Some energizing qi was definitely there. I guess there’s still some caffeine in this one!
If you’re looking for a middle of the road tea, maybe. But my girlfriend later commented that the tea smelled of rotten fish a whole steeping before I tasted it. If those notes are still around after seven years of aging, I have some trouble recommending this tea. Maybe other years productions were cleaner?
I’m not one to cuss in a review or say anything after the first few steeps… but damn
THIS IS SPECTACULAR.
I now understand why this cost what it does. Super excited that I get to pass this experience on to others too.
It’s pretty awesome that i had the 2006 Spring of Menghai a few days before this too because it just proves what I’m starting to figure out: Dayi’s aged stuff gets $$$ for a reason.
tl;dr: A thin, but easy to drink tea. Wet→Dry wood with hints of grain as you steep longer. Opens up quickly and brews cleanly, no fermentation tastes. 3.5/5
5g, 75ml porcelain gaiwan.
Smell: Spicy (as in cinnamon), mostly wet wood, hints of something I can’t place. Plum?
98C, 10s: Good “seal” on gaiwan lid. Scent was same as after rinse. The liquor is an average, ripe brown-red color. Maybe, more yellow than usual. Flavor is thin, with medium huigan, but a pleasant, lasting aroma in the nose after drinking. Very easy to drink.
98C, flash: Leaves opened up quickly, but I used small chunks of cake. Color more rich and dark, flavor is same but aroma that follows sipping is more full.
98C, 10s: liquor is now rich brown, with more “fast” huigan and some notes of more dry wood.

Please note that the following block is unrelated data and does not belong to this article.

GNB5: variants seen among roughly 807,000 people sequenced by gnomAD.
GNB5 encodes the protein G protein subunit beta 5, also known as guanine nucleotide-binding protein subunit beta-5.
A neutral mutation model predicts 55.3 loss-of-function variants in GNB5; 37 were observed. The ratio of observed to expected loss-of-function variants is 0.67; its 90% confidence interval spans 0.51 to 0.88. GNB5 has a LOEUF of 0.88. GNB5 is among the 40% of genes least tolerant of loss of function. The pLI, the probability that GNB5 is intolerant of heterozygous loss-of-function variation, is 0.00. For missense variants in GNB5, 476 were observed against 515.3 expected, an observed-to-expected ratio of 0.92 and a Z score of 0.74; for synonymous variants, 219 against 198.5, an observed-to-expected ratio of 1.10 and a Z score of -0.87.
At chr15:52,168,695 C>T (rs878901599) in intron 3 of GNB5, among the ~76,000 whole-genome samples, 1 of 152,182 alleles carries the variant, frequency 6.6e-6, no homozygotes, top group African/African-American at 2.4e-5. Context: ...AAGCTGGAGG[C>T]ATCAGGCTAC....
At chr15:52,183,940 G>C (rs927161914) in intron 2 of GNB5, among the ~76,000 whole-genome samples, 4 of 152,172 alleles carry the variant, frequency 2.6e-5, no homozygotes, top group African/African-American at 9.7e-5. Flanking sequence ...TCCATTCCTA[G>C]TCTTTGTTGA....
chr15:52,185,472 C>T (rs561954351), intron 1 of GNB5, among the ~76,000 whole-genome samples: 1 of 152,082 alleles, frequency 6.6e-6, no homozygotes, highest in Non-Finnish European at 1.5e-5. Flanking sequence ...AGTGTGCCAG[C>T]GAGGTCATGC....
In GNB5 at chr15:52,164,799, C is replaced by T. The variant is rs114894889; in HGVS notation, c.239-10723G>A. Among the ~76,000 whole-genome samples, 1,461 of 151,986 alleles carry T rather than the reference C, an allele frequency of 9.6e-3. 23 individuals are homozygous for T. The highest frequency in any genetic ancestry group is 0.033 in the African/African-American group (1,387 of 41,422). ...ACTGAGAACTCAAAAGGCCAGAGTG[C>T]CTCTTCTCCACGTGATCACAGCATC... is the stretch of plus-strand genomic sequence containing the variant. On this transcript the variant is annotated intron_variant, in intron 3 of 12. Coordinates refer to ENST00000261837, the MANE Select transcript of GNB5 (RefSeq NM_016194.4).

98C, 20s: Some light grain notes I don’t recognize. Still full flavor.
98C, 30s: .. 98C, 30s: Now the taste has finally mellowed out.
98C, 1m30s: Liquor much brighter/redder. 98C, inf s: .. 98C, inf s: .. 98C, inf s: becoming bronze colored, 98C, inf s: flavor dissipating.. 98C, inf s: … could probably squeeze out a bit more, but the flavor is thinning enough that I’m done for sure.
Qi of the tea is mild, I would say cooling and calming…maybe mildly disorienting even.
The tea is mildly “absorbent”. As in, during brewing, it creates a strong enough vacuum inside the gaiwan to cause the lid to feel slightly “stuck” when you lift it up. Historically, I’ve found the absorbency of a ripe pu’er correlates with the strength of it’s qi and how much I like the tea reasonably well. On a scale from not absorbent (0) to “can pick up the gaiwan with the lid due to the strength of the vacuum created” (5), this tea is a 1.5/5.
If anyone knows the name for this phenomena, I’d love to hear it!
Final impressions are: for the price, a great tea to brew while sitting around during the day. Not gonna knock off your socks, but for $25 a cake I’d stock this around for poor weather. Taste was rather thin but clean, would probably pass the “mom test”.
Flavors: Cinnamon, Grain, Wet Wood, Wood
tl;dr: Woody shou with pungent, sweet presence. Dominated by notes of dry wood and bark with a leathery finish in a clean, mid-mouth feel. Easy to overbrew at first at the cost of a very, very mild astringency, but also easy to make too thin if underbrewed.